Saturday, March 22, 2014

Personal Zeitgeist

On an internet forum I participate in someone started a thread called “personal zeitgeist.” She asked,
What do you think contributed to your own current set of intuitions, worldview, etc.? For example: 

- Noteworthy historical events that really made an impression during a formative period in your thinking 
- Pop culture of the time 
- Personal experiences 
- Geographic region you were born in/local culture/travel, etc. 
- Personal values, as in it was part of your nature to value critical thinking, emotions, religious beliefs, etc.
I found it quite an amazing process to write a list in response. In We Are all Innocent by Reason of Insanity I talk about what I call My Story, and how we all write narratives that define our lives. The beliefs and assumptions that we form in our early development become filters of our perceptions; these filters construct our mind-generated reality (and it’s the confusion of our mind-generated reality with actual reality that makes us insane). This mind-generated reality is our narrative, our Story. 
In the book I talked about the influence of my family and some of my personality quirks, but her question helped me frame My Story in a broader sense, based on the cultural influences of my time. Here’s what I posted:
  1. Childhood in the 60’s. I thought revolution was normal and liberation (of all kinds—race, gender, sexual) should be easy.
  2. Travel to the Soviet Union in 1979. I realized my government had been lying to me my entire life (trust me, it was obvious to a 21-year-old that the USSR at that point was not the threat it was made out to be).
  3. My parents’ divorce when I was 14. Agony at the time but started me questioning everything. My family had seemed like “Leave it to Beaver” and then it all crumbled overnight, out of the blue. Nothing seemed dependable anymore, but I also became less interested in living like everyone else.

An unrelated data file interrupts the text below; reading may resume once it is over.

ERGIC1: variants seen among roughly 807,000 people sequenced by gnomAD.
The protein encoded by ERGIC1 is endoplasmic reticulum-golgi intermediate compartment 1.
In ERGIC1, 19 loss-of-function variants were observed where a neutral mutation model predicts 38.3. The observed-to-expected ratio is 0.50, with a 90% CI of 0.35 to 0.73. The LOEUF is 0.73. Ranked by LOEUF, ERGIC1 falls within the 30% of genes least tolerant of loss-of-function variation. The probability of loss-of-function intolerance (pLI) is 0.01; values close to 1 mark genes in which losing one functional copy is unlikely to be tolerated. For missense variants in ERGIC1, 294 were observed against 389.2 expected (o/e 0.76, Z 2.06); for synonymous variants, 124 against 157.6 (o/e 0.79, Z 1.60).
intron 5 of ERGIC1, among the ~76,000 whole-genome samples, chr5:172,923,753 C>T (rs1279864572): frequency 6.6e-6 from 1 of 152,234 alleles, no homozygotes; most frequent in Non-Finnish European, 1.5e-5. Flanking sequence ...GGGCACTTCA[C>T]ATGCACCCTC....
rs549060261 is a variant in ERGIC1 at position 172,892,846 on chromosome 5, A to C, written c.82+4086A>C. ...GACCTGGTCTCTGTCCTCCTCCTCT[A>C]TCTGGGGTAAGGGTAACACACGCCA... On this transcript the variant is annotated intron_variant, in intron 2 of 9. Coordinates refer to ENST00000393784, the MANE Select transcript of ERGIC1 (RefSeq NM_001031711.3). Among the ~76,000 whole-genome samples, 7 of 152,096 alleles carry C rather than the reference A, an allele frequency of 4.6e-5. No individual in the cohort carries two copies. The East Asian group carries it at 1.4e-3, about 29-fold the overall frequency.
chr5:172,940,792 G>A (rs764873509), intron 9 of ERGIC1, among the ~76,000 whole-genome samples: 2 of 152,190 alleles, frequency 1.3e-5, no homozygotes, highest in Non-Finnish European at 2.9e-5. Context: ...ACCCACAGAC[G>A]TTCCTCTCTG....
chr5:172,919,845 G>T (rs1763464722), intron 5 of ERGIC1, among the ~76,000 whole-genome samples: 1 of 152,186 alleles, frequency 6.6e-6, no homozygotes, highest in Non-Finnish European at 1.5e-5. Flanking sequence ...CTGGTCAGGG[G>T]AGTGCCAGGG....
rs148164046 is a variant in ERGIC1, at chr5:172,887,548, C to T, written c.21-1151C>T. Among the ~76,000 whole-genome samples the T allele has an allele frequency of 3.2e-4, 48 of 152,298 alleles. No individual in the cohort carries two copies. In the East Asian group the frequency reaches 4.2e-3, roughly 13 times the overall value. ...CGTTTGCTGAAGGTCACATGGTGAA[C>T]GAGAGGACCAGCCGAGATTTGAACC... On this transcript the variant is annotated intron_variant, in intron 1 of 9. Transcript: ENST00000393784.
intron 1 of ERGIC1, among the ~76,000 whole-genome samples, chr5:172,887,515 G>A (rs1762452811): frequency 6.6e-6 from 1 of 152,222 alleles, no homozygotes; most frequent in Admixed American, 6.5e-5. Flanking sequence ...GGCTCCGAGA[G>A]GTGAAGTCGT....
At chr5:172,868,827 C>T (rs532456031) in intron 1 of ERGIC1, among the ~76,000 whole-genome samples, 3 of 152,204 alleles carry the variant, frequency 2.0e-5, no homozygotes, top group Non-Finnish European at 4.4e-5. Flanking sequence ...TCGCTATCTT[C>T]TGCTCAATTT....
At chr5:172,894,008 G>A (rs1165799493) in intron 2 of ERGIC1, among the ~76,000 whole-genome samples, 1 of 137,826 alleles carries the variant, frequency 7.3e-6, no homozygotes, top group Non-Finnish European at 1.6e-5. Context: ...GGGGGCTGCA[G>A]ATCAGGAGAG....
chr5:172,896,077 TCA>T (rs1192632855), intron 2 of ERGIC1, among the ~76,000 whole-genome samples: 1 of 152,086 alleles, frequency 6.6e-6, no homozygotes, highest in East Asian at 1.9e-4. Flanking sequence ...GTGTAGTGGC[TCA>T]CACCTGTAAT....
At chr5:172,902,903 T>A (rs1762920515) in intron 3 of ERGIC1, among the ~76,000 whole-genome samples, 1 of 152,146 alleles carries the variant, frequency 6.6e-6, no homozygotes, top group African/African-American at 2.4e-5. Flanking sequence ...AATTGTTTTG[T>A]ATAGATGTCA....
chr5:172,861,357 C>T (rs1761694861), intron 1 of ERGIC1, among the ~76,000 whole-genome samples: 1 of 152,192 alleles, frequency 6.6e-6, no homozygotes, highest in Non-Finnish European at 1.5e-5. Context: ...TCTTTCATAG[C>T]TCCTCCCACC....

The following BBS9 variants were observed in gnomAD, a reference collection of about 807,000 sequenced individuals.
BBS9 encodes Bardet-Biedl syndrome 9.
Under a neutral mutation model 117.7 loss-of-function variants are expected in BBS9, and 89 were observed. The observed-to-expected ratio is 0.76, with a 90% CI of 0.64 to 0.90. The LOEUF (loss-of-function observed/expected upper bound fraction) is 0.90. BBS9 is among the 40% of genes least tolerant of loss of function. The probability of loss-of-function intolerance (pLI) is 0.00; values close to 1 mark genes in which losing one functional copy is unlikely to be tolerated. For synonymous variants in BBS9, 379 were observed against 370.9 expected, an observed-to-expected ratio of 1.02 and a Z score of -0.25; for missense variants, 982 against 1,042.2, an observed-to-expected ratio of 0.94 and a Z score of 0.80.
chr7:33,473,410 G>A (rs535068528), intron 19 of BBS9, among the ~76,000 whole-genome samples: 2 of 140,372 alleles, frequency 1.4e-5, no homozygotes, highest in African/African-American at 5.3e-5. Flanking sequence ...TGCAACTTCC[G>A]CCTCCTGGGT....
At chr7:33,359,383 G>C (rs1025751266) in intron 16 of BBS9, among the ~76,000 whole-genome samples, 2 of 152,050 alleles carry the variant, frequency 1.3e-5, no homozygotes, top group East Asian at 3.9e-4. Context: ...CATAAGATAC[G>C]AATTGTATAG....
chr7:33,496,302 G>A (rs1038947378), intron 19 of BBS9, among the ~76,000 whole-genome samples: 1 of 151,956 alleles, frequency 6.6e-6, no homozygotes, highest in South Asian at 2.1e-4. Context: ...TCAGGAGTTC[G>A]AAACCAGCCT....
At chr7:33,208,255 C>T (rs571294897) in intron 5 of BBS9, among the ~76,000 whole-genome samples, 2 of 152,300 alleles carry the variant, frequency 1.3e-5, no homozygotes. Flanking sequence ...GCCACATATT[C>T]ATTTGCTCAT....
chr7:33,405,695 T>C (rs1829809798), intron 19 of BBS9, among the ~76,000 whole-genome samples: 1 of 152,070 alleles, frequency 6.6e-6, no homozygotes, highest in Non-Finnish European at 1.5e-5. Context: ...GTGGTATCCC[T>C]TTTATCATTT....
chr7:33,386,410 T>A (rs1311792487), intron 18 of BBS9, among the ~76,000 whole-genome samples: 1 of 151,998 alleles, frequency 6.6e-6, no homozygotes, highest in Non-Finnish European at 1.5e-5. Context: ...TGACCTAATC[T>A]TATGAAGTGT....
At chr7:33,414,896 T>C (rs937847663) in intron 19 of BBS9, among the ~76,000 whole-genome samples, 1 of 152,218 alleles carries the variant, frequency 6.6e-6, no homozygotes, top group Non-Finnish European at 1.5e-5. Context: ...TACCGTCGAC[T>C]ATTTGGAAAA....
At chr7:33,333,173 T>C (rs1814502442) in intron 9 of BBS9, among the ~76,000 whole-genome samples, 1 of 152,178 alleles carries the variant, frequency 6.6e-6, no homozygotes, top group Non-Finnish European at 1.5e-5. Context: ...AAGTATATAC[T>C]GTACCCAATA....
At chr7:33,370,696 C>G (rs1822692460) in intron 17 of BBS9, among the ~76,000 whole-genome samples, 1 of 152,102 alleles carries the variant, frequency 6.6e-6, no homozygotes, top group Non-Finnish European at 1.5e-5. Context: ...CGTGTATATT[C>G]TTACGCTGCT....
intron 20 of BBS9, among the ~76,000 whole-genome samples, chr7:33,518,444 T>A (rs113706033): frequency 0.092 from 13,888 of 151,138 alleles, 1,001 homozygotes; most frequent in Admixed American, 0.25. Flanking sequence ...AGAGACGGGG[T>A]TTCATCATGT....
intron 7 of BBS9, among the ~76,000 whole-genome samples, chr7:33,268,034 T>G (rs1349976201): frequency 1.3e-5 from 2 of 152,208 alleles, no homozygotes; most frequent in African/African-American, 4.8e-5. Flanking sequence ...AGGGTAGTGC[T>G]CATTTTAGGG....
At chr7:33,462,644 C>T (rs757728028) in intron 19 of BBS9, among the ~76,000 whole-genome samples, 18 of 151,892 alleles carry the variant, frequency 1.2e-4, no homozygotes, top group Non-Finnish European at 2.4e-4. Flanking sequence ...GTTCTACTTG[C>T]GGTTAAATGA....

4. Learning, when I was about 12, that Jesus was a special case, the only son of God, and the rest of us are cursed with original sin. This really pissed me off; I couldn’t see any point in Christianity after that.

After I wrote the line, “revolution was normal and liberation (of all kinds—race, gender, sexual) should be easy,” I realized what a defining influence that perspective has had on my life. It has certainly skewed my perception of politics; I’ve been angry and bitter about what I saw as lack of progress because I couldn’t understand why things didn’t change faster/more easily.
What also comes clear to me from this list is a problem with trust—numbers 2, 3, and 4 are all about feeling betrayed, lied to, made a fool of. And the truth is a good portion of my adult life was spent trying not to be a fool—I was a cynical skeptic distrustful of any organization, be it environmental, political, or spiritual. I never wanted to be a member. I didn’t want to get trapped in the conventional world because it was, I believed, built on a pack of lies, so I have lived an alternative lifestyle on the fringes of society. Those perceptions made before I was 21 have had an enduring effect on my life. Now I can see why I’ve never been a “joiner,” the pejorative term I used when someone asked why I wasn’t part of a local environmental group. 
What I learned from this little exercise is that understanding your personal zeitgeist is a good idea—it can help you become more aware of the assumptions and beliefs skewing your perception.

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